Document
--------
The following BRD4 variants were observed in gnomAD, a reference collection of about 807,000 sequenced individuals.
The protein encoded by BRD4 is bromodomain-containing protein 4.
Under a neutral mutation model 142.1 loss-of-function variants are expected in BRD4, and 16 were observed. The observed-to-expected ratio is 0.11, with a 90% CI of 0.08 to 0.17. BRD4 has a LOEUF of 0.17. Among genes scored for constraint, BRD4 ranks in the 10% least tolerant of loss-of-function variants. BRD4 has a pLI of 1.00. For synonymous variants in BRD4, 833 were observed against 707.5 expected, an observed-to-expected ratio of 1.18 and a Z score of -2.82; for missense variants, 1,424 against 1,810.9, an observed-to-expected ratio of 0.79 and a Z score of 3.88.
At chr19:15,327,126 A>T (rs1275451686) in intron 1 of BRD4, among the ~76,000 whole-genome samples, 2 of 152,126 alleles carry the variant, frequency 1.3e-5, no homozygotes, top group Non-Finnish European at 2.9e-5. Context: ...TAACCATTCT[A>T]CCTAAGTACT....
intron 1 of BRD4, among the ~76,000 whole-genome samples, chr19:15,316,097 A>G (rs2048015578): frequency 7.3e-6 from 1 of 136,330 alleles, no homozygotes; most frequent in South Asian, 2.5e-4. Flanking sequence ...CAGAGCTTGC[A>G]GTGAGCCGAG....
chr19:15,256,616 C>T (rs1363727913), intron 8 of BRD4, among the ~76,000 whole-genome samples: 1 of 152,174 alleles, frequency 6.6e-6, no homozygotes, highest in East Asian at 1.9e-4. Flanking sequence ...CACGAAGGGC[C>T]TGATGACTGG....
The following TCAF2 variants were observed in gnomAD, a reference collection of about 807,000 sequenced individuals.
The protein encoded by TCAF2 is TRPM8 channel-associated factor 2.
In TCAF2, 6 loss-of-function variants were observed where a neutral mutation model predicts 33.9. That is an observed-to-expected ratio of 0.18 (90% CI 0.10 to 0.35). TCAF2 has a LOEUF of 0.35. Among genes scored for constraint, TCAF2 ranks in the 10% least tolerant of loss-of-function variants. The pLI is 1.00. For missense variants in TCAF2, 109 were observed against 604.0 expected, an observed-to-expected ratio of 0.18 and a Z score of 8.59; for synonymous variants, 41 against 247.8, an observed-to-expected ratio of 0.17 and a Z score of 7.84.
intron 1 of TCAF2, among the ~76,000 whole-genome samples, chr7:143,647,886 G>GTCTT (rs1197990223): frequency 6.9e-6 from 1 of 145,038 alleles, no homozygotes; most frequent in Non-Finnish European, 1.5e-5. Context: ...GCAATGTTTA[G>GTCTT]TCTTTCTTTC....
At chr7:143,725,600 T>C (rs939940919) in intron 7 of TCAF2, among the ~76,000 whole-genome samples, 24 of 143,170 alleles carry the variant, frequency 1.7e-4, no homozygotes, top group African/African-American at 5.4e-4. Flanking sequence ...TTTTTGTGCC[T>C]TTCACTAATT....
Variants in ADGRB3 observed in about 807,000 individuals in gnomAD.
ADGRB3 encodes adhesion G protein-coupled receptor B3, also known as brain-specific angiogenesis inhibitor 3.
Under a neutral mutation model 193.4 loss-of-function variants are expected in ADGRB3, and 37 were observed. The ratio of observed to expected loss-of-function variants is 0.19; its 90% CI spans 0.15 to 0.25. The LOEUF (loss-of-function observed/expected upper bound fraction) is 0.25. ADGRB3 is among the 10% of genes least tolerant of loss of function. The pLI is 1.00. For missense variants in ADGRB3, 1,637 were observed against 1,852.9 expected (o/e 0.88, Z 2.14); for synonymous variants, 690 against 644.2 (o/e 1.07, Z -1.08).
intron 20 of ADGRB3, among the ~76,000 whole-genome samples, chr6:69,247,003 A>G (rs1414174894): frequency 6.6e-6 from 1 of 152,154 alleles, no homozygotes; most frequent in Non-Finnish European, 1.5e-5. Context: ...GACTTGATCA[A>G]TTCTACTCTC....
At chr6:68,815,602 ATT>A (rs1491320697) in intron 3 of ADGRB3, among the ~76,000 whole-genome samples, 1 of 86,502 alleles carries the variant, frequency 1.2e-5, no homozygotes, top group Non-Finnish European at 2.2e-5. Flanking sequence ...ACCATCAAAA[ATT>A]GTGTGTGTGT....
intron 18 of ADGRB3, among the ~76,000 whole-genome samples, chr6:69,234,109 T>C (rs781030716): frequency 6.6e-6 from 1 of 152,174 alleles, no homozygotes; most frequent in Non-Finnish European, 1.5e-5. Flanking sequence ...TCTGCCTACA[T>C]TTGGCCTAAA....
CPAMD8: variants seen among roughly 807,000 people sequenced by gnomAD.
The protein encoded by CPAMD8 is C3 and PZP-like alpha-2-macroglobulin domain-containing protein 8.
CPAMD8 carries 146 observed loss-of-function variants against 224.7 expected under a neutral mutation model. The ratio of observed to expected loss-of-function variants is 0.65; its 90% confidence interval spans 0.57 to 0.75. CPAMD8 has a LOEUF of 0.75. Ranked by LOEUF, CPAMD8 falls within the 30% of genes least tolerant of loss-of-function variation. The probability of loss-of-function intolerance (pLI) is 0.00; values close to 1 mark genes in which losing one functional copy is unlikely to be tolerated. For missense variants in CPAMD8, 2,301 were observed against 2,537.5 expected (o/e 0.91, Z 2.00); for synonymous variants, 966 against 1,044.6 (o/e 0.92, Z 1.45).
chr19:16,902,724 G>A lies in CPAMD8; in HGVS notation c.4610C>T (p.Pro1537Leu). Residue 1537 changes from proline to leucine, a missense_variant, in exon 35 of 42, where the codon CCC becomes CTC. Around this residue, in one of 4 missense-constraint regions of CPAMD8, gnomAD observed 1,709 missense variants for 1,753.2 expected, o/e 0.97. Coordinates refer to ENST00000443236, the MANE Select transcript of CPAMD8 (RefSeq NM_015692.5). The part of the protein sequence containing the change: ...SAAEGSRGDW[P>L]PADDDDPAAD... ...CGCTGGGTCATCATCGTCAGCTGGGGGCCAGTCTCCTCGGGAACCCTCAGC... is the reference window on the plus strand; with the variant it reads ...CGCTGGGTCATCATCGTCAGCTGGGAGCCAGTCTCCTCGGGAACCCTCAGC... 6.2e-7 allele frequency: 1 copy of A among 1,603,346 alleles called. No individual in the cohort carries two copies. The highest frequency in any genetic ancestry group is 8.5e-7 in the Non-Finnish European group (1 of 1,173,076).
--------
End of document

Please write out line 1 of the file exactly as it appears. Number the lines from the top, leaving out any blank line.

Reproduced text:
The following BRD4 variants were observed in gnomAD, a reference collection of about 807,000 sequenced individuals.